I played around with getting Ruby to work in the browser while watching some cheesy TV this weekend.
I was able to get things slightly working, and put this work in progress up on Google Code here.
That link sends you to a page that will evaluate Ruby for you, both from a script tag, and from your own input.
If you take a look at the top of the file, you will see:
<script type="text/ruby"> #class Foo; def initialize; @foo = 'whee'; end; end; f = Foo.new; f Time.now </script>
This script is found by the Ruby in the browser system, and is run through JRuby via a little applet. The page takes the output at the end and throws it into the container HTML on the right.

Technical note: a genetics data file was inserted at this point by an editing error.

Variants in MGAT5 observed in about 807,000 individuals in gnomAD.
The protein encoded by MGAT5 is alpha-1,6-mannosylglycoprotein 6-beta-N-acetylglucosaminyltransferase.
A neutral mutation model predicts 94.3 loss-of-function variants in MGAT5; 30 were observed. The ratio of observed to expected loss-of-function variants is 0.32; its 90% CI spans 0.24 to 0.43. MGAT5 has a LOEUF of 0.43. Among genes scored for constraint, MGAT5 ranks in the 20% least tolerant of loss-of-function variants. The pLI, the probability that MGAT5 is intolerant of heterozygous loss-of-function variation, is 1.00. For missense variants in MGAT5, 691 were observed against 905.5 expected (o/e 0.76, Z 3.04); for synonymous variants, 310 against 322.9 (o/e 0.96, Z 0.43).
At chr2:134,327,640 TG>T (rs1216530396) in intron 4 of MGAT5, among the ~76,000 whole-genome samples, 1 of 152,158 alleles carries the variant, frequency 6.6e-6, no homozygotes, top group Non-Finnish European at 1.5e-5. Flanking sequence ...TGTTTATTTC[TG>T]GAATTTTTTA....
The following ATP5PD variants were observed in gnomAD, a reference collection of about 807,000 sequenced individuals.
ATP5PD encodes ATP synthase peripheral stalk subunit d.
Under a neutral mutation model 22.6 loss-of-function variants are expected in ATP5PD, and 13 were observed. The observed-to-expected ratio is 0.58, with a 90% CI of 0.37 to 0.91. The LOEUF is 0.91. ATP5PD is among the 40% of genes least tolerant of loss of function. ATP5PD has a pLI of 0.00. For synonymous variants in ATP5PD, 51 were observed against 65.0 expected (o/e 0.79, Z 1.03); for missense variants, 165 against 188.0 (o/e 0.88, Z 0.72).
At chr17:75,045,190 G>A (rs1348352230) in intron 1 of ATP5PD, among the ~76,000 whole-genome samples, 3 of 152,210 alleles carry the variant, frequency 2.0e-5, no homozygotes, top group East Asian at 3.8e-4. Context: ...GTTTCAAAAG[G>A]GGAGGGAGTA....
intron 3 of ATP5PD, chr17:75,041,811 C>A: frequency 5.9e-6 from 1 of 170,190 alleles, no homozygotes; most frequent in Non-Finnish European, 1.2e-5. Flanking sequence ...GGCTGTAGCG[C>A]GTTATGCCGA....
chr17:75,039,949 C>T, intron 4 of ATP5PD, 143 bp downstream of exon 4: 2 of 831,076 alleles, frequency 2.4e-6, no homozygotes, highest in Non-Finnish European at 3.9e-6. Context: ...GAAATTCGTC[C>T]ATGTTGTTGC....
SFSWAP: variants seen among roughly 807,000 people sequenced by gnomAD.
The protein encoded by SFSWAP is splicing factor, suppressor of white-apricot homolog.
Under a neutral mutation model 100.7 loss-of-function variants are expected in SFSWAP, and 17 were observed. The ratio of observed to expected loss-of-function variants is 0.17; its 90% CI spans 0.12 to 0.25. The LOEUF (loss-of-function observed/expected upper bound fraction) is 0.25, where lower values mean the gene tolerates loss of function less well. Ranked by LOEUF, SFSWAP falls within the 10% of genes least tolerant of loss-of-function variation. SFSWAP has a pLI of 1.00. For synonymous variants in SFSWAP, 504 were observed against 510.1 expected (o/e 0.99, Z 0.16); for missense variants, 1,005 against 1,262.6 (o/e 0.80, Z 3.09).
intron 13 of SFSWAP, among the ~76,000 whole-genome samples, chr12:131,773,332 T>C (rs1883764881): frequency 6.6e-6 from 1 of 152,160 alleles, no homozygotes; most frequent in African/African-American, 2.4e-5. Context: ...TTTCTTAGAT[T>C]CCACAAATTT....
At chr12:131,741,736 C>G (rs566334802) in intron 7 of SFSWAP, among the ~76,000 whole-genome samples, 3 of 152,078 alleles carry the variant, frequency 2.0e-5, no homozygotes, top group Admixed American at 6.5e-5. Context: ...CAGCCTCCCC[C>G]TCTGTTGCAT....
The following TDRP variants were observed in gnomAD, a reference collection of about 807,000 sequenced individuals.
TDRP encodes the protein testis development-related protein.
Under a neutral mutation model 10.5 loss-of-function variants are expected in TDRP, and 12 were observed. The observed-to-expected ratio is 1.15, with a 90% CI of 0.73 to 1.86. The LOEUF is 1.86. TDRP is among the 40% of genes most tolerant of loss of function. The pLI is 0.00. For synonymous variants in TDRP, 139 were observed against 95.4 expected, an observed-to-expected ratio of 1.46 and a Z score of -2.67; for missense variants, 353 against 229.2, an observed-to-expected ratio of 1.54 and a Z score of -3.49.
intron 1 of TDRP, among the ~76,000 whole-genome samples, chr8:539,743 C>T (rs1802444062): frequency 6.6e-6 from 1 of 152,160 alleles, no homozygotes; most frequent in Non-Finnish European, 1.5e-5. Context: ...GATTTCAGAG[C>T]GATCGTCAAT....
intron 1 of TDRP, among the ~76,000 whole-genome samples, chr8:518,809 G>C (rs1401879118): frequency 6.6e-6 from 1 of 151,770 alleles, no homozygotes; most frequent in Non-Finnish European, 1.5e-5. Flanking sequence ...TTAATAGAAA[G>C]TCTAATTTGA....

You can also edit the text area at the bottom left and run your own Ruby code, and the output will be placed on the right too.
Now, this is just the first baby step to get to something feature full like:
<script type="text/ruby"> document.ready do |dom| dom["table tr"] <<"<td>test</td>" end </script>
Just being able to run some Ruby doesn’t mean much. We need to give it rich support for the browser to be able to interact with the DOM and Ajax libraries to do cool things, using the power of Ruby.
So, there are a lot of TODOs here:
- The applet is a download of JRuby complete, which is huge, and isn’t all needed. I need to work with the JRuby folk to produce a slimmed down applet version.
- Only tested in Firefox. There are some known issues in Safari.
- I am lazily using an applet tag instead of the magic object/embed stuff that would make this work in other places
Any direction make sense to you?